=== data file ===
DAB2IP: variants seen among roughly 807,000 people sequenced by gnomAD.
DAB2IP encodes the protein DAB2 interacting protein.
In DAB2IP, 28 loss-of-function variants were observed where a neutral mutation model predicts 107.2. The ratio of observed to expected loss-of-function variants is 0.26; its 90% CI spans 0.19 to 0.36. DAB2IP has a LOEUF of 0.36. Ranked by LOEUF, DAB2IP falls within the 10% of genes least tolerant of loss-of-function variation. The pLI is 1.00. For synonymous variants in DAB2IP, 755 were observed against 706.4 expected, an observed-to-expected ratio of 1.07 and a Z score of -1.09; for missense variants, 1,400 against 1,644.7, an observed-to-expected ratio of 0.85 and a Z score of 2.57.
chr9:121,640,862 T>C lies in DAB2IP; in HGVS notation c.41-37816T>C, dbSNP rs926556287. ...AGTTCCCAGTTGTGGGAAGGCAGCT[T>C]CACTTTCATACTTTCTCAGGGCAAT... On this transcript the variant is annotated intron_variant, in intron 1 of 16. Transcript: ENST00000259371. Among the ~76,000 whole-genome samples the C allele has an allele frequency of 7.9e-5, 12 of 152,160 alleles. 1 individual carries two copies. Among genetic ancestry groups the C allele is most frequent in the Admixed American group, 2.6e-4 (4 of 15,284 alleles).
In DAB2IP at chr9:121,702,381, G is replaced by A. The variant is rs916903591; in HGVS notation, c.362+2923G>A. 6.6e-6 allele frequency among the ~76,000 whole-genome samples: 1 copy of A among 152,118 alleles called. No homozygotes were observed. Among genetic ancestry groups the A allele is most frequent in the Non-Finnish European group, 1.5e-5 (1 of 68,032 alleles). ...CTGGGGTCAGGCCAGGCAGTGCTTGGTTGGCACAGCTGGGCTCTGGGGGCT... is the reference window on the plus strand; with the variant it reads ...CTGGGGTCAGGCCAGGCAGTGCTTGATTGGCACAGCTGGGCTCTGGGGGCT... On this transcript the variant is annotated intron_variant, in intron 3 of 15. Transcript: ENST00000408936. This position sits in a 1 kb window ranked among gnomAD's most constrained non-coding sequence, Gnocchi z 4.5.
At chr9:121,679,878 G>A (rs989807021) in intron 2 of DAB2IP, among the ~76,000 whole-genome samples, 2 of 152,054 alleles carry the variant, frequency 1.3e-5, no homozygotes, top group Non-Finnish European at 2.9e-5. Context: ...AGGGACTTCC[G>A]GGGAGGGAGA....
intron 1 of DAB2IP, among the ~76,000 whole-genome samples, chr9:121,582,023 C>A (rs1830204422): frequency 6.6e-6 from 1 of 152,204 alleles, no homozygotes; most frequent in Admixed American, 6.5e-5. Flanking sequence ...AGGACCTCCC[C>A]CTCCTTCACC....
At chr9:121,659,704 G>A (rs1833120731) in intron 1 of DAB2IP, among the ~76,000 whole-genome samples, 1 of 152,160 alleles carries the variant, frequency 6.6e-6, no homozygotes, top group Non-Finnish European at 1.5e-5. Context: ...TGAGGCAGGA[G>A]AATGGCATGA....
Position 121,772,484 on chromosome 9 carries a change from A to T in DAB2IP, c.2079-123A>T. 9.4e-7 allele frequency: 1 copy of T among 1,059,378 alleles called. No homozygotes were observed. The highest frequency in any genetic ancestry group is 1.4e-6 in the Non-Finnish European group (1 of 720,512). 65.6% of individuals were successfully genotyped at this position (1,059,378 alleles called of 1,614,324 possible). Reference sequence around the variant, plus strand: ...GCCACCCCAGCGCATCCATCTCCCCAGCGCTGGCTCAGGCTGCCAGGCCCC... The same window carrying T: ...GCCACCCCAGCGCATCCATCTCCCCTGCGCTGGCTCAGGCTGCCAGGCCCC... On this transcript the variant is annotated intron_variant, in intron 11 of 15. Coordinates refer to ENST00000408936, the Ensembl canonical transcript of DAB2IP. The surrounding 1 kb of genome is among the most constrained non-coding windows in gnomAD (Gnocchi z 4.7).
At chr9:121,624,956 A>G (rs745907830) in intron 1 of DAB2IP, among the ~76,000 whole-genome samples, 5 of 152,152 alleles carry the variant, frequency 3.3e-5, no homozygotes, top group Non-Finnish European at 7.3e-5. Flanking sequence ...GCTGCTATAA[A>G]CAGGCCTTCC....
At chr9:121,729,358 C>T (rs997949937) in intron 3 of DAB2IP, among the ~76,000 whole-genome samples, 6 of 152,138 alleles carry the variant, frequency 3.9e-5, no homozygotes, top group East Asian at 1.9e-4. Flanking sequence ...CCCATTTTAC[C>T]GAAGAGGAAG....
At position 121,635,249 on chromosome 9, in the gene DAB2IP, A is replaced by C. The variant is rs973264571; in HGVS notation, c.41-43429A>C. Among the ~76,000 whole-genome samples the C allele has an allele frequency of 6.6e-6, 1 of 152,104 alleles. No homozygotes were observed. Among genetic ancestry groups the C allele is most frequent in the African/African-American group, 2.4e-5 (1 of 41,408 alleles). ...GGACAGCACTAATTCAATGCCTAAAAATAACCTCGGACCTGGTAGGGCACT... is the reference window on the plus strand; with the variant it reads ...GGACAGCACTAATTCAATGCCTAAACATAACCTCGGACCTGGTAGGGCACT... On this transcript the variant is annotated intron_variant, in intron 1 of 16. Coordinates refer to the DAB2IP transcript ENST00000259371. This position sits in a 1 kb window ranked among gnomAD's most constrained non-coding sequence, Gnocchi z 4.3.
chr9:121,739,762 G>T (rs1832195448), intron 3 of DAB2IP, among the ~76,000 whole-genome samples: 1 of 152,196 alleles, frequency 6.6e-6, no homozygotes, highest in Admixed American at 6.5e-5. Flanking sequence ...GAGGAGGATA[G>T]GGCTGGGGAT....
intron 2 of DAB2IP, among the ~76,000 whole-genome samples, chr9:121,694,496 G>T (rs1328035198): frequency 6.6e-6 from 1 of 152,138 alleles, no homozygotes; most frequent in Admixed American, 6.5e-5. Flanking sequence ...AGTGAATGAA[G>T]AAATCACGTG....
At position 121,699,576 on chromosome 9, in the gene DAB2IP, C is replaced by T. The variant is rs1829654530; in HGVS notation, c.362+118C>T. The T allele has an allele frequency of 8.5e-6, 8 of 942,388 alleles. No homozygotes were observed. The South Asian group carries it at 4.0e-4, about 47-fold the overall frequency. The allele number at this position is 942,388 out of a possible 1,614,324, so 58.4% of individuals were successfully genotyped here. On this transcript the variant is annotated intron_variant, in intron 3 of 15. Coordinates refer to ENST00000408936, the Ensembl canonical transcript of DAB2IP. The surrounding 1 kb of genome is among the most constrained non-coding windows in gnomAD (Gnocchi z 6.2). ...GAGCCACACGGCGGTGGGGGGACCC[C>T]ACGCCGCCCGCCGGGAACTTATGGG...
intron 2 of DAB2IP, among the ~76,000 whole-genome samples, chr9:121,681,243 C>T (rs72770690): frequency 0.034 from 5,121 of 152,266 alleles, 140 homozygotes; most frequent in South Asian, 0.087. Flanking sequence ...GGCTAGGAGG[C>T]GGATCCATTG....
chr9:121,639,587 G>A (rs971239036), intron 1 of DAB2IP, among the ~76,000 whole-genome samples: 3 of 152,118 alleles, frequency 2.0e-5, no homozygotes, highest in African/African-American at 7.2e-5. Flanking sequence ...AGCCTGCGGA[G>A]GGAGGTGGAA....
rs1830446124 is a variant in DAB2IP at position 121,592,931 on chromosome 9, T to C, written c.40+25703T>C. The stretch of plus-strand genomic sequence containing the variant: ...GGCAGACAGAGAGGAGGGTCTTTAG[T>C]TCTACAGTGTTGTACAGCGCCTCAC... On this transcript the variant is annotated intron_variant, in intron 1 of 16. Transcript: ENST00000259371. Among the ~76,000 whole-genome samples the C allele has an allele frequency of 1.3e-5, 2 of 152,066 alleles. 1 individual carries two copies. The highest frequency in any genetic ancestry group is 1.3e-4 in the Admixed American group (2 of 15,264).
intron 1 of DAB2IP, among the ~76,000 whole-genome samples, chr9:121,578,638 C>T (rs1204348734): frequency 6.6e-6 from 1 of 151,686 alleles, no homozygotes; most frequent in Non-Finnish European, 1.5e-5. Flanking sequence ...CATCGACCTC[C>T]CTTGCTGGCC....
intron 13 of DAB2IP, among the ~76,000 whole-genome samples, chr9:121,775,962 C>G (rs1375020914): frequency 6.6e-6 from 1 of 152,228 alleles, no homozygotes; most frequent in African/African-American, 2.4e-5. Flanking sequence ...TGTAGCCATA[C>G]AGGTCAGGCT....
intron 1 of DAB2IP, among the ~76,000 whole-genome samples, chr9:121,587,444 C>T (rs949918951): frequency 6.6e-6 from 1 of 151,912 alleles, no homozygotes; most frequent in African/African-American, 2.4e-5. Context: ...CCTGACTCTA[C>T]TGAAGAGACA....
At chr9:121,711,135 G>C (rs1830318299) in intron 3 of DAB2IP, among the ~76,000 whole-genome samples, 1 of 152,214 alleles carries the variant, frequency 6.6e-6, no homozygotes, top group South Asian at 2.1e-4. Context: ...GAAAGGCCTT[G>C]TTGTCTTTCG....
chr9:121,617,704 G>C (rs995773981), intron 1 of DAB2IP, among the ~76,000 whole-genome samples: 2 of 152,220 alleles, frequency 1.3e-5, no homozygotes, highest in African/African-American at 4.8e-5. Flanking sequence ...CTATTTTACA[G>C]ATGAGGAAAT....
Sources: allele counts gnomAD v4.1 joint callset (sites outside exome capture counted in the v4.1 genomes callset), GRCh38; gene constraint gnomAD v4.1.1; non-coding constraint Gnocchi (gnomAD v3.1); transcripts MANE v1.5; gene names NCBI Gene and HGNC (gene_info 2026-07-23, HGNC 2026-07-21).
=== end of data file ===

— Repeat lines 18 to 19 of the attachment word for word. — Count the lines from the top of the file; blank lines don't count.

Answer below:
rs1830446124 is a variant in DAB2IP at position 121,592,931 on chromosome 9, T to C, written c.40+25703T>C. The stretch of plus-strand genomic sequence containing the variant: ...GGCAGACAGAGAGGAGGGTCTTTAG[T>C]TCTACAGTGTTGTACAGCGCCTCAC... On this transcript the variant is annotated intron_variant, in intron 1 of 16. Transcript: ENST00000259371. Among the ~76,000 whole-genome samples the C allele has an allele frequency of 1.3e-5, 2 of 152,066 alleles. 1 individual carries two copies. The highest frequency in any genetic ancestry group is 1.3e-4 in the Admixed American group (2 of 15,264).
intron 1 of DAB2IP, among the ~76,000 whole-genome samples, chr9:121,578,638 C>T (rs1204348734): frequency 6.6e-6 from 1 of 151,686 alleles, no homozygotes; most frequent in Non-Finnish European, 1.5e-5. Flanking sequence ...CATCGACCTC[C>T]CTTGCTGGCC....